The first part of the ascent was in relatively open woods, and trail finding was a little tricky due to the newly fallen snow. About 15 minutes later, I finally began gaining significant elevation, first ascending the Uphill Brook drainage, then a tributary. Blowdown was minimal, especially for a herdpath. Although I never wandered off the path, there were a few areas where the survey tape installed by the 46ers reassured me that I was on the correct trail. As I ascended, the snow fell harder, and winds increased. I knew I was approaching the summit when the trail began to get steeper. A couple of minutes later, I saw “sky” through the trees ahead, but figured it was a false peak. To my delight, it was actually the summit. I touched the summit sign, and looked around at the “view”.

I found a sheltered spot near a summit boulder, and ate my lunch. Since the only summit views were of the small spruce trees directly in front of me, I headed down immediately after eating.

Due to the snow and ice on the roots and rocks, descending was trickier than ascending. I had to pay attention to every footstep, or risk taking a nasty fall. Stepping on dirt was slippery, rocks dangerous, and roots suicidal. I soon realized it’d take me as long to descend as ascend, if not longer. At one particularly steep rock slab, my confidence to stay upright diminished to nil. I prepared to fall with each step as I inched down the rock. My utter lack of confidence was rewarded when my feet went out from under me. I slid down the remainder of the rock, and was launched away from the 10-foot cliff. Since I had been preparing to fall, I didn’t panic and “stuck the landing”. After a brief pause to congratulate myself, I continued down the trail. The remainder of the descent to the Uphill lean-to was uneventful.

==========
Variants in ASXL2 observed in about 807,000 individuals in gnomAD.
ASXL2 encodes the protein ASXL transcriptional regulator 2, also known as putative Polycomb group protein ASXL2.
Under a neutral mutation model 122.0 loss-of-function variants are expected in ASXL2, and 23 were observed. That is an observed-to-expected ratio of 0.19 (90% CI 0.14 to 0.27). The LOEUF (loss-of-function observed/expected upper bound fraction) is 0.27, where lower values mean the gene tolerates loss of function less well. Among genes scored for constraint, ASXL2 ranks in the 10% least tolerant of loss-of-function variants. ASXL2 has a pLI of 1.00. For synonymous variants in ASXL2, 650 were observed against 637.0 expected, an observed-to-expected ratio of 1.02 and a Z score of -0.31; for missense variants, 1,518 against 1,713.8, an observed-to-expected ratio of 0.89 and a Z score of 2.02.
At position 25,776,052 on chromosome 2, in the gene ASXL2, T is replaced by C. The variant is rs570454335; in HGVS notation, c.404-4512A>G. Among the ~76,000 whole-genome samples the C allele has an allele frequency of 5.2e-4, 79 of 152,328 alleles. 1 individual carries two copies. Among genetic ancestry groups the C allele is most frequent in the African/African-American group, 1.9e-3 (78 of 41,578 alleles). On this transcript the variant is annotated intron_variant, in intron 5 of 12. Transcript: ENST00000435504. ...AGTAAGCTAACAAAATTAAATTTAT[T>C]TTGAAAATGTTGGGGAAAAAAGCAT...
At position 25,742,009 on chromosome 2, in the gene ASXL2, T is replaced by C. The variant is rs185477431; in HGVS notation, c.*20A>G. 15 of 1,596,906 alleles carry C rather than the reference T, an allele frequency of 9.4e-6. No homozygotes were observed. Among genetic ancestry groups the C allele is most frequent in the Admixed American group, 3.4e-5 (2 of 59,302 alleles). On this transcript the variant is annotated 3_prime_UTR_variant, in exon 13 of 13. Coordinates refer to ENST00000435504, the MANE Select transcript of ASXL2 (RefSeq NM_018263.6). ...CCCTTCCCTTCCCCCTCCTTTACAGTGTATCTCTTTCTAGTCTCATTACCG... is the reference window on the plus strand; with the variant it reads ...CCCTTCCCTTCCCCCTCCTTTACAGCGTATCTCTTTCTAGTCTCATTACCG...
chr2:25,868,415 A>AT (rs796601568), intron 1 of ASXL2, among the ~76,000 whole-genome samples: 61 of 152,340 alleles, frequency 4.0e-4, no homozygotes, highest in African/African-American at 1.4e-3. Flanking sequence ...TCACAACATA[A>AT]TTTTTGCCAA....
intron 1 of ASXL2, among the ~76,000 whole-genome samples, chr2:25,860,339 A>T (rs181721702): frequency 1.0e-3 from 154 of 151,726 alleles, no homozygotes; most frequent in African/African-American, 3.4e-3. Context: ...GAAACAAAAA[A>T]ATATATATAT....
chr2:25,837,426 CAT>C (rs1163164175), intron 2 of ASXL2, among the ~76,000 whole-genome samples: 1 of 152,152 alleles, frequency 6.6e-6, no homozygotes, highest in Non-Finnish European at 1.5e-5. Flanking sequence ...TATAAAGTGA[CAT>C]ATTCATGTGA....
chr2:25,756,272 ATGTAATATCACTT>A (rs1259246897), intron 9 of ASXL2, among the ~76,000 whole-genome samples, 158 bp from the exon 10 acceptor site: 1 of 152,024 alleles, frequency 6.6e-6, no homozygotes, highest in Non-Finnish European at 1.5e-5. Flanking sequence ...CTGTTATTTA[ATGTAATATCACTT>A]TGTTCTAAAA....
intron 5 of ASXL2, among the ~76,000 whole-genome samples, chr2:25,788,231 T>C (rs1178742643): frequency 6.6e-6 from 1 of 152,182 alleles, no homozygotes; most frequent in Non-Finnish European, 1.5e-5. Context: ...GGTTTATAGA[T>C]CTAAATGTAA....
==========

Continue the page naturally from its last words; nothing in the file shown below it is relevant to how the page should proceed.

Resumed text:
On the way back to Lake Arnold, I stopped at the Feldspar lean-to, mostly out of curiosity since I hadn’t seen this particular lean-to. The ascent to Lake Arnold took longer than I expected… there was more elevation gain than anticipated, and the slippery conditions slowed me even further. By the time I got back to my Lake Arnold, it was snowing heavily. I quickly packed everything in my backpack, and left my swampy campsite. I set a good pace down the trail to the Avalanche lean-to. The water I had cursed the day before actually assisted my descent. I could now step away from the icy rocks, and walk on the rocks that weren’t covered with snow or ice due to the flowing water. Just before I reached the lean-to, I slipped on a wood plank. Although I didn’t fall, I slightly injured my knee in the process of maintaining my balance. There were people occupying the Avalanche lean-to, so I continued down the trail towards Marcy Dam. About 5 minutes later, I passed by another lean-to that I hadn’t yet visited, and decided to take a break there. Now knowing that I wasn’t going to run out of water, I quenched by day-long thirst. Five minutes later, I was back on the trail. I reached Marcy Dam sooner than anticipated, and checked-out at the register. Just as I had assumed, the hike from Marcy Dam to the South Meadows parking lot took longer than anticipated, confirming the “law of averages”. Back at the truck, I realized that I had a good time, despite the dismal beginning of the hike. I guess I’ll be coming back to the Adirondacks after all…


Comments

No comments posted yet.